Here some different ways of looking at this article. The superstar cities are outliers because they have outsize populations in certain specific ‘industries’, such as finance, publishing, art, and so forth. The network effects of having these all in the same place (telecommuting notwithstanding) can yield a ‘rich get richer’ phenomenon where these cities become the hubs for such activities, and make it hard for other cities to catch up. While there is certainly potential for other cities to woo businesses and talent in general, it might be difficult for them to catch up in certain sectors. The superstars might still be superstars in the future for a reason (not just as enclaves for the super-wealthy), despite high housing costs.

On the other hand, while these network effects are strong, they are not insurmountable. And having a large number of other cities capable of competing with the superstars will in turn require them to innovate. Either the elite cities will rise to the challenge and flourish (and probably become more affordable), or other less glamorous cities will come in and take their place. Either option is good for residents.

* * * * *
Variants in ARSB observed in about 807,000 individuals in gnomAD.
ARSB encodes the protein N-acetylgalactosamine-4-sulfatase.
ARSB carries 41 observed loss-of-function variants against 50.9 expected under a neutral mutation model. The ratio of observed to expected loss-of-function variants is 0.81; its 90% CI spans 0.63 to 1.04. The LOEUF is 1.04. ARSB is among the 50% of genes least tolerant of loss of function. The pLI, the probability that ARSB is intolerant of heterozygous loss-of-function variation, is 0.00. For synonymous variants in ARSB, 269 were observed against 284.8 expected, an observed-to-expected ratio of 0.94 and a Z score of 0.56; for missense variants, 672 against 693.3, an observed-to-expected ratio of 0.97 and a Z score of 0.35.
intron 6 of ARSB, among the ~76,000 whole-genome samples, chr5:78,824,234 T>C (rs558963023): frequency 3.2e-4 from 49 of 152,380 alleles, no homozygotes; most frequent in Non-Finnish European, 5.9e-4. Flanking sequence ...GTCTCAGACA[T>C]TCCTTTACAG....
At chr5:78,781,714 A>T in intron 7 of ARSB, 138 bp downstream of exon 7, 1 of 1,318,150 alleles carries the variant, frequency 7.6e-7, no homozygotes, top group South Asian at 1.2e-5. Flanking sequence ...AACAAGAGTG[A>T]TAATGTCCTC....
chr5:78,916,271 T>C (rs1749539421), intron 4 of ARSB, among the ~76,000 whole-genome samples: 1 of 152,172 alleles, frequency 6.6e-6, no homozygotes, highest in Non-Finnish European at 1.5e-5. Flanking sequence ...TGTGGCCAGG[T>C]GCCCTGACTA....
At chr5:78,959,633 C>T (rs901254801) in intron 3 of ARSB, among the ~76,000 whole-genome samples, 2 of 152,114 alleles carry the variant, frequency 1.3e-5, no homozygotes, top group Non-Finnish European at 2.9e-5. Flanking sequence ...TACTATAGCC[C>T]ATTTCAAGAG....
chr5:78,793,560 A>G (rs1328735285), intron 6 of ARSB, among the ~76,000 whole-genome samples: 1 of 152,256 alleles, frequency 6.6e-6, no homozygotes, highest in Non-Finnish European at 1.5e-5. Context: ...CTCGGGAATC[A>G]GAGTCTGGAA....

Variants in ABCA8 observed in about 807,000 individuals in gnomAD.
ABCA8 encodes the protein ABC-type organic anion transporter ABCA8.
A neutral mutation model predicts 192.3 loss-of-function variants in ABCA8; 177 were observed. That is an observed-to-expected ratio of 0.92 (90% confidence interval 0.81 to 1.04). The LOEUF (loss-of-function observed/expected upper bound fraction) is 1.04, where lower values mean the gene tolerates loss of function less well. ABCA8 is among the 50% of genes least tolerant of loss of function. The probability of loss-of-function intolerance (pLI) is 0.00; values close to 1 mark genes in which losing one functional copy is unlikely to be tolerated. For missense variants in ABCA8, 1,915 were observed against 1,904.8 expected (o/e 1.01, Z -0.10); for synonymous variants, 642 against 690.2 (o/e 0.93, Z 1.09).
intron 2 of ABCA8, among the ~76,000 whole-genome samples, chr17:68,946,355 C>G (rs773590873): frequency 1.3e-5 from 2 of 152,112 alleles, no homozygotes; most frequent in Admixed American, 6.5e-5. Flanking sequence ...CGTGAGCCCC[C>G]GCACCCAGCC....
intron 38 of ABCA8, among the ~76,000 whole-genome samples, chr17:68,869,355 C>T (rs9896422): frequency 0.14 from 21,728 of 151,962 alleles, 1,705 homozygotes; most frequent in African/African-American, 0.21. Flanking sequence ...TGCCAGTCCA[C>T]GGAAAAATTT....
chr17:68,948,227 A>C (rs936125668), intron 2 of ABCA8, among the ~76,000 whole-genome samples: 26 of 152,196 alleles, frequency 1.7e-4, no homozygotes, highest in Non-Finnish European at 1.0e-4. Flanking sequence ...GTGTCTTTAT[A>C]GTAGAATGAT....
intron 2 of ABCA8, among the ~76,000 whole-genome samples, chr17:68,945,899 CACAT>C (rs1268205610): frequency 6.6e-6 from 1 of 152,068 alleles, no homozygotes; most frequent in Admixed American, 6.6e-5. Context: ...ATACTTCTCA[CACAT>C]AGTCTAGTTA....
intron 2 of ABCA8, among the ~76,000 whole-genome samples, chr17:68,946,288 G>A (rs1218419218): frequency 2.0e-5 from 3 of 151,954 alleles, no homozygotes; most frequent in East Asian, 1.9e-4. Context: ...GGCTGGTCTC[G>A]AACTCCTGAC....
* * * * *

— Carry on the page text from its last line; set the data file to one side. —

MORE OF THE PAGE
Now here’s an odd one: megapolisomancy is a fictional occult science that predicts and alters the future using large cities. The concept for megapolisomancy appears in Fritz Lieber‘s novella Our Lady of Darkness:

At any particular time of history there have always been one or two cities of the monstrous sort — viz., Babel or Babylon, Ur-Lhassa, Nineveh, Syracuse, Rome, Samarkand, Tenochtitlan, Peking — but we live in the Megapolitan (or Necropolitan) Age, when such disastrous blights are manifold and threaten to conjoin and enshroud the world with funebral yet multipotent city-stuff.

This is most weird.

Heat Island Effect